7. Are any of the characters in your novel, Full Circle, based on people you know?

Yes, there are a few. The most prominent ones are Mrs. Cottle and Spike, who are based on my maternal grandparents. As I was born a year after the war ended, they looked after me during the day so that my mum could work. It is their gentle kindness and quiet humour you will find in those characters. There are a few friends within the pages as well, but I think they know who they are.

8. Which of your characters is your favourite and why would your readers like them?

Favourite character? Well I think I must say Stewart. Although he is strong in both mind and body, he is also very vulnerable, and carries the weight of his family’s troubles like his own, fighting their injustices. He is probably the loyalist friend that one could have, as when he sees others who are persecuted, he will do all that is within his power to help, much to his own detriment. This being his downfall many times.

9. How did you organise your writing process and how did you prepare your book’s release?

Organising my writing process? I had no idea at all. So, I started to put some of what I had written onto my laptop. Having transcribed the first two chapters, deciding then where my story would be placed, I began my research into the 18th Century. 

There is a rich wealth of knowledge out there. I did this research for about six months, but once I started writing, as difference situations, people came into my story, I would do more research, noting everything down for the Bibliography (past experience with writing essays taught me that lesson) Apart from constructing the story playing out in my head, I loved the research. Sometimes I would get side tracked, and had to pull myself back. I wrote every day, but would always keep a notebook to hand to write down everything that came into my head. Even sitting on a train my characters would speak to me.

Once I had he whole story I then set about editing. I read and re-read, altered, moved, deleted, and checked the spelling about 12 times in all, till I knew it off by heart. Only then did I send it to a publisher.  It was some time till I heard back, so I thought it had just been thrown onto a pile.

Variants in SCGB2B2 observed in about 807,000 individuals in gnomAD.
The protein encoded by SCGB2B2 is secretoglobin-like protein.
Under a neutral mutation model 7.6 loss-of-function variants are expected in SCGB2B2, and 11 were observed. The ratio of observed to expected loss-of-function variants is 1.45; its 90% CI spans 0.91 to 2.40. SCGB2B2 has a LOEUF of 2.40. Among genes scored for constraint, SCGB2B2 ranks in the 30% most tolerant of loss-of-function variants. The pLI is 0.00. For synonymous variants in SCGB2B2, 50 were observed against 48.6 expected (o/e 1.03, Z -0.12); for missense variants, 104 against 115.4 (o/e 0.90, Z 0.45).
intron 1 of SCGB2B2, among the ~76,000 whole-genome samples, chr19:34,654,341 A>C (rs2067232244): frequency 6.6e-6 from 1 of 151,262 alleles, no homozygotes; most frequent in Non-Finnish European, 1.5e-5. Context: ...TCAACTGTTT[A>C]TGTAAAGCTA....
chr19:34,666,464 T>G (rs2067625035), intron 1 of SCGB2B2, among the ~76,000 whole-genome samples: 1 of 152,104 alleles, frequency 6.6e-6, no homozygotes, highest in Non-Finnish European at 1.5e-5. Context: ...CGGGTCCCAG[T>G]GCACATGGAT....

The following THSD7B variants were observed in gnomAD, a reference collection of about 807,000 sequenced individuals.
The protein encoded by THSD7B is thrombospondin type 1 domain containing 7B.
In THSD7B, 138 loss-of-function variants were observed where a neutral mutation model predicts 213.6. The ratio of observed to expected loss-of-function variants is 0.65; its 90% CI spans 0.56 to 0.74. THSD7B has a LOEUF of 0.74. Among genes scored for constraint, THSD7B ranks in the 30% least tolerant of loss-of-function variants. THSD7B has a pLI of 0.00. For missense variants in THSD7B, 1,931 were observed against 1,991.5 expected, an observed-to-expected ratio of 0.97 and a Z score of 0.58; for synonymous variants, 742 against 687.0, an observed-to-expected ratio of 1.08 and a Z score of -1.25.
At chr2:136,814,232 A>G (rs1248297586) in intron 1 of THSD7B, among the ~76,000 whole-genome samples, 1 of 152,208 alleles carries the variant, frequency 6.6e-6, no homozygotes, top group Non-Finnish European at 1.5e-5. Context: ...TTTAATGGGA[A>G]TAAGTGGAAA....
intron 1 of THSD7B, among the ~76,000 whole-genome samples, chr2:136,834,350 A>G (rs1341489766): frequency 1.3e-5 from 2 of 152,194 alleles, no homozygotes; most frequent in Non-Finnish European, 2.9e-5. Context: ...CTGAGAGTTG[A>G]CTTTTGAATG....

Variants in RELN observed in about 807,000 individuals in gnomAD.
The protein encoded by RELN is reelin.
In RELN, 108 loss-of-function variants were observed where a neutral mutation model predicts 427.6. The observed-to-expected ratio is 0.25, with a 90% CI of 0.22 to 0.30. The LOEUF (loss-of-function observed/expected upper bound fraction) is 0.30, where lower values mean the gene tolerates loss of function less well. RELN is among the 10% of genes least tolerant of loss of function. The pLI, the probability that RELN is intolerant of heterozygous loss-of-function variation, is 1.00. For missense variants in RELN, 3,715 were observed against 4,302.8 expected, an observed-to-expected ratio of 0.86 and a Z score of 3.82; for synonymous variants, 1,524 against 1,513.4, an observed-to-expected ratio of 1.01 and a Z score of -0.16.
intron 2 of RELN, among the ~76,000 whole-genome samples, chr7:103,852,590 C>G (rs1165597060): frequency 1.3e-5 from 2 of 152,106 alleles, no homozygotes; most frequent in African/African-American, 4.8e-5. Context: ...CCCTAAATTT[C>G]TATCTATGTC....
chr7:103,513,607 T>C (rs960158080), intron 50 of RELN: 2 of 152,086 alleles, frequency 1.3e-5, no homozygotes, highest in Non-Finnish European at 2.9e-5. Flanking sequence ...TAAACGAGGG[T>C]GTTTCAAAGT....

It took two years in total for the book to be published, going back and forth many times, as I wanted to use quotes from the Bible and other books like the Common Book of Prayer, and a quote from Shakespeare’s The Tempest which is at the beginning, and very relevant to the story.

After all this I was in no way prepared for the release. It came at the end of January 2020, and a just over a month later the whole country was in lockdown.

So, with the help of my little fairy (my granddaughter) I set myself up on social media. This year has been very hard for all authors, especially as they were unable to get out and promote themselves, but saying this, I have been on a roller-coaster of a ride that I never thought possible at my age. I deem myself very, very lucky indeed to have been given this opportunity.

10. Is there any aspect of the writer’s life you least enjoy? Why?

The least enjoyable, is the editing. It is laborious, time consuming, till in the end you have word-blindness! I found the best way was to do a few chapters at a time, then walk away to do something quite irrelevant so you could come back with a fresh mindset to tackle a few more. I expect most writers will say the same.

11. Do you plan to write another book?

Do I plan to write another book? Yes, if God allows. I have written 18 chapters of a sequel to Full Circle, around 75K words. Will it ever be finished… published? Who knows… but I can dream.

12. If you were able to meet any author, alive or dead, who would you choose and why?

Another author, alive or dead? Well that’s a tricky one. There are so many Greats out there, but I think I will say Agatha Christie.

Why? When I was young my aunt gave me the complete works of hers, of which I read every one. She wrote a total of 75 books, not all Miss Marple and Poirot, but stand-alone stories as well. I would love to have a conversation with her and try to understand how her mind worked. She probably wasn’t the greatest of writers for some, but think how her books have survived the years.

Can I just add, failing her, I would welcome a meeting with any of the Bronte sisters or Jane Austen. Now there is inspiration for you, especially at the time they lived.

Thank you for joining us, Daisy and I wish you all the best as you promote your book and work on the sequel. I certainly enjoyed finding out more about your author life and have found it both informative and inspirational.

And to my weekly readers, if you would like to link up with Daisy you can do so on her links listed below.

Until next week, Happy Reading, Happy Writing, Happy You.

Big hug, Soulla xxx